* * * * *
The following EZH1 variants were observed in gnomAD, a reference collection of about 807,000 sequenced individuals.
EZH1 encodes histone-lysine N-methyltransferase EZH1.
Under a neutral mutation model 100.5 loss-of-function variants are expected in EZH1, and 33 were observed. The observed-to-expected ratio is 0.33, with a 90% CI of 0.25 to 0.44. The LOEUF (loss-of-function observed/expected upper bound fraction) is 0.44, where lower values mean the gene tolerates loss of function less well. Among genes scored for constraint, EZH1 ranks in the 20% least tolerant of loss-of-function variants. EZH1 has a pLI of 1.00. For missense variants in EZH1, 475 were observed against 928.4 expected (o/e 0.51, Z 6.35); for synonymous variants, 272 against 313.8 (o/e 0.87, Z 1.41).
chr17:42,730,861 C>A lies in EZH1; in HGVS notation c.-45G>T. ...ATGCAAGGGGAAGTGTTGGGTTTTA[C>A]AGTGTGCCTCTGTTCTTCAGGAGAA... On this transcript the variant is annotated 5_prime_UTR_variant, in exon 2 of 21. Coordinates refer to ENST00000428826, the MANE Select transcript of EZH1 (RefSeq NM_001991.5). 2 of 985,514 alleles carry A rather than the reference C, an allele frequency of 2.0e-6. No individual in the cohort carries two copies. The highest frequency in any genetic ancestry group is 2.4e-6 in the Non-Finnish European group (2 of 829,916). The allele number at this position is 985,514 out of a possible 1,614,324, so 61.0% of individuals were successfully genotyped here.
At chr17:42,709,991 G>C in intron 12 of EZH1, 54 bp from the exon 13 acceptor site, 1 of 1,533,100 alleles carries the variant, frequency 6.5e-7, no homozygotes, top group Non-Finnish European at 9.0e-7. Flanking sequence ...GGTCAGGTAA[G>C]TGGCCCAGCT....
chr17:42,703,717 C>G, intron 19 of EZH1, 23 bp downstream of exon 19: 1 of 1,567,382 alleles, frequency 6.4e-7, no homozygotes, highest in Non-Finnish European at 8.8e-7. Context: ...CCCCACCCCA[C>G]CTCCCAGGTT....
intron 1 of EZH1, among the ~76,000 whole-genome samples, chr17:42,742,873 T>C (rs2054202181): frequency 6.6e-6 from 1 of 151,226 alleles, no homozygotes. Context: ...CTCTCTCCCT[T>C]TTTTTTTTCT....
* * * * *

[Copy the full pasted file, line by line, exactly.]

The following EZH1 variants were observed in gnomAD, a reference collection of about 807,000 sequenced individuals.
EZH1 encodes histone-lysine N-methyltransferase EZH1.
Under a neutral mutation model 100.5 loss-of-function variants are expected in EZH1, and 33 were observed. The observed-to-expected ratio is 0.33, with a 90% CI of 0.25 to 0.44. The LOEUF (loss-of-function observed/expected upper bound fraction) is 0.44, where lower values mean the gene tolerates loss of function less well. Among genes scored for constraint, EZH1 ranks in the 20% least tolerant of loss-of-function variants. EZH1 has a pLI of 1.00. For missense variants in EZH1, 475 were observed against 928.4 expected (o/e 0.51, Z 6.35); for synonymous variants, 272 against 313.8 (o/e 0.87, Z 1.41).
chr17:42,730,861 C>A lies in EZH1; in HGVS notation c.-45G>T. ...ATGCAAGGGGAAGTGTTGGGTTTTA[C>A]AGTGTGCCTCTGTTCTTCAGGAGAA... On this transcript the variant is annotated 5_prime_UTR_variant, in exon 2 of 21. Coordinates refer to ENST00000428826, the MANE Select transcript of EZH1 (RefSeq NM_001991.5). 2 of 985,514 alleles carry A rather than the reference C, an allele frequency of 2.0e-6. No individual in the cohort carries two copies. The highest frequency in any genetic ancestry group is 2.4e-6 in the Non-Finnish European group (2 of 829,916). The allele number at this position is 985,514 out of a possible 1,614,324, so 61.0% of individuals were successfully genotyped here.
At chr17:42,709,991 G>C in intron 12 of EZH1, 54 bp from the exon 13 acceptor site, 1 of 1,533,100 alleles carries the variant, frequency 6.5e-7, no homozygotes, top group Non-Finnish European at 9.0e-7. Flanking sequence ...GGTCAGGTAA[G>C]TGGCCCAGCT....
chr17:42,703,717 C>G, intron 19 of EZH1, 23 bp downstream of exon 19: 1 of 1,567,382 alleles, frequency 6.4e-7, no homozygotes, highest in Non-Finnish European at 8.8e-7. Context: ...CCCCACCCCA[C>G]CTCCCAGGTT....
intron 1 of EZH1, among the ~76,000 whole-genome samples, chr17:42,742,873 T>C (rs2054202181): frequency 6.6e-6 from 1 of 151,226 alleles, no homozygotes. Context: ...CTCTCTCCCT[T>C]TTTTTTTTCT....